Some Jews living in the United States, when planning a bar or bat mitzvah, choose to celebrate their event in Israel. That certainly is a wonderful decision and anyone who so chooses should be roundly applauded. Some of these Jews, however, also elect to send out full-fledged, fancy-schmancy invitations to all of their friends and acquaintances, knowing full well that the vast majority of invitees will not be schlepping to Israel for their celebration. Some hosts will even invite their annoying neighbors, mortal enemies and backstabbing colleagues, all because they know that none of these invitees will actually make the journey overseas. Thus, a (cynical) argument can be made that, under certain circumstances, such an invitation to the Promise Land promises to be one of the most disingenuous invitations ever issued.

There are of course legitimate reasons for choosing the Kotel over a hotel.

So, the question is: if someone is making a bar/bat mitzvah celebration in Israel, why would they go to the trouble of inviting those who obviously will not be attending? What is the purpose of these “non-vitations”?

As a preliminary matter, we all can agree that Jews have celebrations in Israel for a variety of very valid reasons. For example, some Jews have oodles of family living in Israel so it makes perfect sense to party in the Holy Land. Others, however, abuse this notion. They mendaciously claim that they have "family in Israel" but then it turns out that they only have a (i) third cousin twice removed who sublets an apartment in Ashdod for two weeks during the year, (ii) distant in-law who is a freelance flight attendant for El Al or (iii) deceased relative buried on the Mount of Olives. That is not what is commonly meant by having "family in Israel."

Other Jews make bar/bat mitzvah celebrations in Israel for admirable spiritual reasons, believing that a celebration in the Holy Land will be far more . . . holy. That, too, is an absolutely legitimate rationale for choosing “The Wall” over a gala ball or for choosing The Kotel over a hotel. But, not every activity in Israel is necessarily filled with such spiritual splendor. Guess how much spirituality there is in zip-lining? You guessed it: zip. The beaches of Eilat are known for many things but spirituality is not at the top of the list, though parasailing is an uplifting experience. Eating the fabulous food at Jerusalem's Machane Yehuda market is not really a spiritual experience, although I know some fanatical foodies who would vehemently disagree.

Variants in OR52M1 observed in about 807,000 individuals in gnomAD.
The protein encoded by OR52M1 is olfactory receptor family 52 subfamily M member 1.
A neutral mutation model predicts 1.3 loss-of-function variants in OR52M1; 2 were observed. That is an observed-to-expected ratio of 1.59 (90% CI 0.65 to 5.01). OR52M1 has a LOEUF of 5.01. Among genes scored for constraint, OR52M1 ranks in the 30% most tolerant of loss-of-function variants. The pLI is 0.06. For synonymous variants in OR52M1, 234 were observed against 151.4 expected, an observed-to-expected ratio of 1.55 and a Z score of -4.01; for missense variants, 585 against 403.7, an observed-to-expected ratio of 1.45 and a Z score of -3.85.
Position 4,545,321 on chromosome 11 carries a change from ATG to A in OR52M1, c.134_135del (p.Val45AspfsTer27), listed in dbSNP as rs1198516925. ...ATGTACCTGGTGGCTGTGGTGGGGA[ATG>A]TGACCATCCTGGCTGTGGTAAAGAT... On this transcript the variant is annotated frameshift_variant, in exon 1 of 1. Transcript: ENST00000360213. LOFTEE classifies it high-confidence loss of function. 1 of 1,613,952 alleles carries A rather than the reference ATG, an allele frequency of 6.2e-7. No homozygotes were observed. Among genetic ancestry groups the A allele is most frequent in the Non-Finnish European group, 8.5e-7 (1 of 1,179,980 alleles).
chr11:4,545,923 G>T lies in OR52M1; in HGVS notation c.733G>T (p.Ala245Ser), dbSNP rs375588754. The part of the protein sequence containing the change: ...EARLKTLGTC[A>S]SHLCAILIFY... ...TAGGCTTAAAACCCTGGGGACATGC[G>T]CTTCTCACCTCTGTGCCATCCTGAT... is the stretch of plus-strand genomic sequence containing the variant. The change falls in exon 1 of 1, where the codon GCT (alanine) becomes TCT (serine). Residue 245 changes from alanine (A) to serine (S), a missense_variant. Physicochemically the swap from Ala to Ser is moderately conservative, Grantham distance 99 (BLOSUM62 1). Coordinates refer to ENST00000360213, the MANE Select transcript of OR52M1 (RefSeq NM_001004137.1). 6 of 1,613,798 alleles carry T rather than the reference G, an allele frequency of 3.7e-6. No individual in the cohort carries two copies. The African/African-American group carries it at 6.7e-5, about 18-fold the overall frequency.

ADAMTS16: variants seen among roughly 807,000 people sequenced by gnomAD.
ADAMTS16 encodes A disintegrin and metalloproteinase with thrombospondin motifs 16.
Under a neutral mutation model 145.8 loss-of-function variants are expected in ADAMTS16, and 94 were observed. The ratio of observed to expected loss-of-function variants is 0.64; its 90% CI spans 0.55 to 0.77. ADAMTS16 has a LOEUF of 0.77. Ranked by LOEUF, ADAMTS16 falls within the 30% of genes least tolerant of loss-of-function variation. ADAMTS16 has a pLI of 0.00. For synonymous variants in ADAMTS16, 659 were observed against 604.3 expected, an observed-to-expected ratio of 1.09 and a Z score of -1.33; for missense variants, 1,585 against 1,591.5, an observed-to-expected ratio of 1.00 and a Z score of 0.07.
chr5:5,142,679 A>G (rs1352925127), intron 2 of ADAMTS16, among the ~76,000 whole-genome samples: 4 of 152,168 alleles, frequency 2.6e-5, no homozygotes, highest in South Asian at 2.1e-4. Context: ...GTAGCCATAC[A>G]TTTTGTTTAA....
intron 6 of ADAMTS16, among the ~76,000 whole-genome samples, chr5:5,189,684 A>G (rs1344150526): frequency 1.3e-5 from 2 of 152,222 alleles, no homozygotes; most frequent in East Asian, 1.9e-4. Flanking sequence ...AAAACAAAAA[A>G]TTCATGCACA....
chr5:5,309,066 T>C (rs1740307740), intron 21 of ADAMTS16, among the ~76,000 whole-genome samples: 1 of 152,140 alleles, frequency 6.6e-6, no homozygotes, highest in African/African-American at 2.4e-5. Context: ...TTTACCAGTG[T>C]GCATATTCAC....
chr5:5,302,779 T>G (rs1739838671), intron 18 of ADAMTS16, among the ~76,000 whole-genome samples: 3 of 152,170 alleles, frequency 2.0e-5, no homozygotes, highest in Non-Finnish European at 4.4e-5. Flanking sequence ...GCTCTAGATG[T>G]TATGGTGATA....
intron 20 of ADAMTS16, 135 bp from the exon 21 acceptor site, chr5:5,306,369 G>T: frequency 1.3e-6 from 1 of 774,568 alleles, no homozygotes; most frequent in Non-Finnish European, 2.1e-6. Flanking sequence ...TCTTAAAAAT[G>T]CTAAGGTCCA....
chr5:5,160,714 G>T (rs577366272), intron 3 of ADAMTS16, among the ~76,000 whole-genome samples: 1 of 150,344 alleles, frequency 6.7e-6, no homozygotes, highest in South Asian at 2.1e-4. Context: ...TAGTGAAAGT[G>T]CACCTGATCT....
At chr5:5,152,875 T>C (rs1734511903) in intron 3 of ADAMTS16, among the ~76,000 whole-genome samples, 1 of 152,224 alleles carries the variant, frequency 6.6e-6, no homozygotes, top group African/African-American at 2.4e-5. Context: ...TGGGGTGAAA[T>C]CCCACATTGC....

Some Jews make celebrations in Israel based on thoughtful, responsible and logical financial considerations. They run the numbers and decide that a larger affair in the States will not be as worthwhile as a smaller affair in another state, the State of Israel. This, too, is totally understandable, especially for nuclear families who have not spent meaningful time in Israel together. (Yes, if your parents and siblings are experts in fission, then you literally have a "nuclear family." And yes, an insecure, narcissistic nuclear physicist who is desperate for praise is just “fission” for compliments.)

Unfortunately, there are a few overly-judgmental cynics out there who believe that some "invitations" to celebrations in Israel are resoundingly insincere, regardless of the rationale behind the location choice. These cynics insist that the hosts are simply looking to curry favor in their social circles and to earn extra credit for what actually are empty invitations. Sadly, when these cynics receive such an invitation, they sardonically interpret it as saying: “You are NOT cordially invited to join us for our celebration.” If you are among these cynics, there is something you can do to retaliate: show up! That's right, call their bluff, throw down the gauntlet, buy a plane ticket and make a personal appearance in Israel. You also should try to convince some of your similarly invited friends to do the same, thus blowing the party’s head count sky-high. Just imagine you and your entire gang of bogus invitees storming into the celebration in Israel, completely unexpected and unannounced. As the leader, you may wish to walk right up to the host and have a conversation that goes a little something like this:

YOU: Mazel Tov!

HOST: Oh, wow. I can't believe you all actually showed up.

YOU: Of course we did. How could we not? You invited us, right?

HOST: Uh . . . Yes, yes, absolutely. We're just so shocked . . . I mean, touched . . . that you came all this way to join us.

YOU: Well, we were equally touched by your generous and sincere invitation.

HOST: Yes, yes, those darn invitations.

YOU: Anyway, we're all starving but I'm sure you've ordered enough food to feed all of your invited guests. Otherwise, why invite us, right?

HOST: Yeah, right. Of course. Would you excuse me for just a moment?

Bottom-line: As the shocked host goes into an emotional cardiac arrest, and as the caterer scrambles to make emergency arrangements, you nod to your followers and, with a wry smile, proudly exclaim: "Our work here is done."